How Dads Can Help All Boys Excel in the Classroom

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The last 30 years have seen a major push to dispel academic stereotypes, like the idea that math and science are just for boys, but there’s another bias in the classroom that isn’t getting enough attention. A study published recently in the journal Child Development shows how gender bias toward reading is discouraging boys’ early academic development.


How Book Bullying Holds Boys Back

Reading is one of the few areas in which gender bias places emphasis on a girl’s ability to excel. Boys aren’t expected to do as well. While this can lead to insecurity when it comes to reading, researchers found something surprising. Confidence didn’t have a major impact on the development of reading skills. Peer pressure did.

In schools with more gender-based reading bias, boys bullied one another for showing an interest in reading. Researchers found that in these classrooms, boys:

– Read less
– Felt less confident when reading
– Developed reading skills at a slower pace

These can haunt boys further, as a lack of early reading skills is too often misinterpreted as a child having special needs. Behavior disorder diagnoses often go hand-in-hand with learning disorder labels, setting boys on a path filled with obstacles.

Fortunately, there are ways every dad can improve the academic progress of the boys in their children’s classes – whether they are involved in their daily lives or not. Teachers aren’t the only people who impact gender bias in classrooms. Parents have a big influence.

Three Easy Ways Dads Can Inspire Boys to Read

Dads inspire children through their own actions, but they can encourage boys to feel comfortable with reading in a few specific ways:

1. Dads can be readers. Kids learn best through example, and so it has a lot of impact to see dad reading books and magazines. It means more to go visit a library or a bookstore where dad is finding books for himself and not just for the kids. Demonstrate the importance of reading in your own life and your kids are more likely to do the same.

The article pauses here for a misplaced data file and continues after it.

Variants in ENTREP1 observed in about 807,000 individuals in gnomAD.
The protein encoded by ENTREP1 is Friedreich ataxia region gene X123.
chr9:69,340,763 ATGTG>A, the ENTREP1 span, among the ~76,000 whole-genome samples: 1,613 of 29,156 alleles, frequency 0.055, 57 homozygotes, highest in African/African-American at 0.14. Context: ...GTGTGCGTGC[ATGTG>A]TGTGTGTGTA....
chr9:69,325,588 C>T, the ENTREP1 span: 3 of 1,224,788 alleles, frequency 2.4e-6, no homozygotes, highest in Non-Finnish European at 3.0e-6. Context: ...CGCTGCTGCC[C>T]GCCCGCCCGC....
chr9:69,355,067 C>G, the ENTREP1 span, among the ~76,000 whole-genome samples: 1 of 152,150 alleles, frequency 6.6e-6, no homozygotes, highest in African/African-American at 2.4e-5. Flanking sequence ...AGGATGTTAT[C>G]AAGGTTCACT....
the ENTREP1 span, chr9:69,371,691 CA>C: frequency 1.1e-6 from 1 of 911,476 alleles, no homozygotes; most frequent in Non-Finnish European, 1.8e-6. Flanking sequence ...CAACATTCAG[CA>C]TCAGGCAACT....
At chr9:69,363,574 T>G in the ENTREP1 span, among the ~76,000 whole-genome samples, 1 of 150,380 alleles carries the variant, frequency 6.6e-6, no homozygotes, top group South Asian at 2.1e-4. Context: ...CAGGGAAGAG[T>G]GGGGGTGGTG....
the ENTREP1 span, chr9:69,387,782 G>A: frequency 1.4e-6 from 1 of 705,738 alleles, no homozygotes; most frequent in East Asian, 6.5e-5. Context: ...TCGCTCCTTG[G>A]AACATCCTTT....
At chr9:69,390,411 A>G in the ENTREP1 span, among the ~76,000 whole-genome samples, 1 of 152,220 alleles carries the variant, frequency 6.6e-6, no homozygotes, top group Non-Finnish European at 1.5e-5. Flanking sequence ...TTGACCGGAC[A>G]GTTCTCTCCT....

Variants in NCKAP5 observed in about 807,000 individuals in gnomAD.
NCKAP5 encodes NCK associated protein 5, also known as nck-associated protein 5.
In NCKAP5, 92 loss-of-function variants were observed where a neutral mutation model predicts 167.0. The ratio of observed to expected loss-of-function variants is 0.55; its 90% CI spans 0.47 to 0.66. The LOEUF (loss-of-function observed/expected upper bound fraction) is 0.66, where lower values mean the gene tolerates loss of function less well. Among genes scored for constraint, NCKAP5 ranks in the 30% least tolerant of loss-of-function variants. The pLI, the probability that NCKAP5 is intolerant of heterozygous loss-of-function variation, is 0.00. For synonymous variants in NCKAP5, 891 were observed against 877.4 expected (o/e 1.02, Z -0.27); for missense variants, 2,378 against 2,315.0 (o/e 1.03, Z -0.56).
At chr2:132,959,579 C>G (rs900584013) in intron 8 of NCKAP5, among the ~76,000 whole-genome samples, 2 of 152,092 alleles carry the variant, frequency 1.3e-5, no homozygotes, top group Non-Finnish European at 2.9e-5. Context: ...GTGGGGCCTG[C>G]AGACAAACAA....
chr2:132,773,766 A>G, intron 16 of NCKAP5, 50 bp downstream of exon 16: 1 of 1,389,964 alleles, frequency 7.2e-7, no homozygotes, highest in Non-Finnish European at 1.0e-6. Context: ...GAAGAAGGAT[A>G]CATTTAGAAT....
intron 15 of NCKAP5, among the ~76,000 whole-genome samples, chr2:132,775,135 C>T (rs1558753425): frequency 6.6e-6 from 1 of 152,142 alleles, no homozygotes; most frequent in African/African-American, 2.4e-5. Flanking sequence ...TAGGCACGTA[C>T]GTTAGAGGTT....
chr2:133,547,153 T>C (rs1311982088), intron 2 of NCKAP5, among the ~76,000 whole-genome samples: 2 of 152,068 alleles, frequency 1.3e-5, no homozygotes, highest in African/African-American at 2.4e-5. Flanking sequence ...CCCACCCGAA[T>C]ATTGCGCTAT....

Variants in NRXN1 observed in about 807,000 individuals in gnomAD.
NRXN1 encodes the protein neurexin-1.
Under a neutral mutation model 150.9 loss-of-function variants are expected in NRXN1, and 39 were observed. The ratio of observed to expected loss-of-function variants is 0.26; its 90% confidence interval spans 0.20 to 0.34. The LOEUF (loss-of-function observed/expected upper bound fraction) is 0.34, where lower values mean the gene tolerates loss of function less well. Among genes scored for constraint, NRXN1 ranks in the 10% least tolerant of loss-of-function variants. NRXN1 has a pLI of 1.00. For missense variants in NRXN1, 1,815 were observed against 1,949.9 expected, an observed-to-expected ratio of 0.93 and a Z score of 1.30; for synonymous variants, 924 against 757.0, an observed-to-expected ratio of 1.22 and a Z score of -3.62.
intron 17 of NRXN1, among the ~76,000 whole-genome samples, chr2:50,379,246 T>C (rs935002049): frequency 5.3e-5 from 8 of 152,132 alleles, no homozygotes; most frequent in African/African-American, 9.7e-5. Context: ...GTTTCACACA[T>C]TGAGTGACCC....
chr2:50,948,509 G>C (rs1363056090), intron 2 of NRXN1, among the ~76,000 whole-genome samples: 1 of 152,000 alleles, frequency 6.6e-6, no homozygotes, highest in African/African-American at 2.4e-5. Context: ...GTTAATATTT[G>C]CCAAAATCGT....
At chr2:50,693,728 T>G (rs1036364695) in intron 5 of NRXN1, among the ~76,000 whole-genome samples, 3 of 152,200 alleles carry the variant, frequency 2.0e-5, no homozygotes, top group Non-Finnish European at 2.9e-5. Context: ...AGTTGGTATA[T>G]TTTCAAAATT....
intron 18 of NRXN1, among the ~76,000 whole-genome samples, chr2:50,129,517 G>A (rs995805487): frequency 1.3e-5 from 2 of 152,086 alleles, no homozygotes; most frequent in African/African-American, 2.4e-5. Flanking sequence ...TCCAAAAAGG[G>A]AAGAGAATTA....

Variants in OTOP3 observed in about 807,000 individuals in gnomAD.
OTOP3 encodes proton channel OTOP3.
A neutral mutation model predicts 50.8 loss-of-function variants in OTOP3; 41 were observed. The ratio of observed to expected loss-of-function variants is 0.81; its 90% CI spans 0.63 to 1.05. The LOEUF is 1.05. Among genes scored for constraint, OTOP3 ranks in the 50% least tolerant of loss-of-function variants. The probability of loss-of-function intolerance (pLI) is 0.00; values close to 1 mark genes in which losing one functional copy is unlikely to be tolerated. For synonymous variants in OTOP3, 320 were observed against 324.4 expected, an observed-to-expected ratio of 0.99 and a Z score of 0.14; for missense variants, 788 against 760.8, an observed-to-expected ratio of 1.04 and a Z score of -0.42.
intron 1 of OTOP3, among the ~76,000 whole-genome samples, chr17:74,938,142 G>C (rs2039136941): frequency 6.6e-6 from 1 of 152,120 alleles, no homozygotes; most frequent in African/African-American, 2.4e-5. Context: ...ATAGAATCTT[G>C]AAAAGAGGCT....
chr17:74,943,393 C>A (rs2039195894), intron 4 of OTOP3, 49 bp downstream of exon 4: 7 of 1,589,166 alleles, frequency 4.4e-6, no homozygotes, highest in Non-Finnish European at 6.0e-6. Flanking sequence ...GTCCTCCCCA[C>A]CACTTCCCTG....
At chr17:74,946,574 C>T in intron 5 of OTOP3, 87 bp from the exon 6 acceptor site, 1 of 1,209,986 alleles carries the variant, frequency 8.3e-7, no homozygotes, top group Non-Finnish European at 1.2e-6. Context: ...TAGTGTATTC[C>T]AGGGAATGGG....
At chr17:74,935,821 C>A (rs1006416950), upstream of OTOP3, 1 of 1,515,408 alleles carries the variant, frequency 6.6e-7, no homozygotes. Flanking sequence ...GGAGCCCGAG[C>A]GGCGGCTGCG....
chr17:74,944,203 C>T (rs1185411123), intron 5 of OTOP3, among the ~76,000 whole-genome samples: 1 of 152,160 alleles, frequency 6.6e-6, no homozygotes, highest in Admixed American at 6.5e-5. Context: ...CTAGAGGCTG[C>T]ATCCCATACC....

2. Dads can read to their children. Dads make everything more fun, reading included! Help your kids discover their favorite stories. Non-fiction titles for kids can be exciting too.

3. Dads can volunteer to read in the classroom. Look back on your childhood and think about the people who read to you as a child. Teachers, librarians, daycare providers. They’re most often women, so is it any wonder boys grow up associating reading with girls? Get involved and show kids that men excel at reading too.

How Dads Can Make a Difference From a Distance

Not every father is allowed to be involved in his child’s daily life. It’s heartbreaking, but custody battles and distance issues might prevent dads from reading bedtime stories or showing up in their kids’ classrooms. What can men do in these situations to put their children and their friends on the right track?

1. Make books a priority. Give them on birthdays and holidays. Give reading devices and credit for online bookstores. Talk to your kids about their favorite reads.

2. Offer to buy the classroom more books when possible. Being long-distance doesn’t always mean you can’t contact your child’s school or teacher. Donations are one option for being involved when volunteering isn’t an option.

3. Introduce your kids to inspiring books they’ll grow to love. Some of the most iconic titles for boys include Hatchet by Gary Paulson, The Mysterious Benedict Society by Trenton Lee Stewart, and the Lord of the Rings trilogy by J.R.R. Tolkien.

Whether or not you have primary custody of your child, whether you have boys or girls, every dad can encourage boys to embrace reading. Have a favorite book or magazine? Please recommend the titles below.

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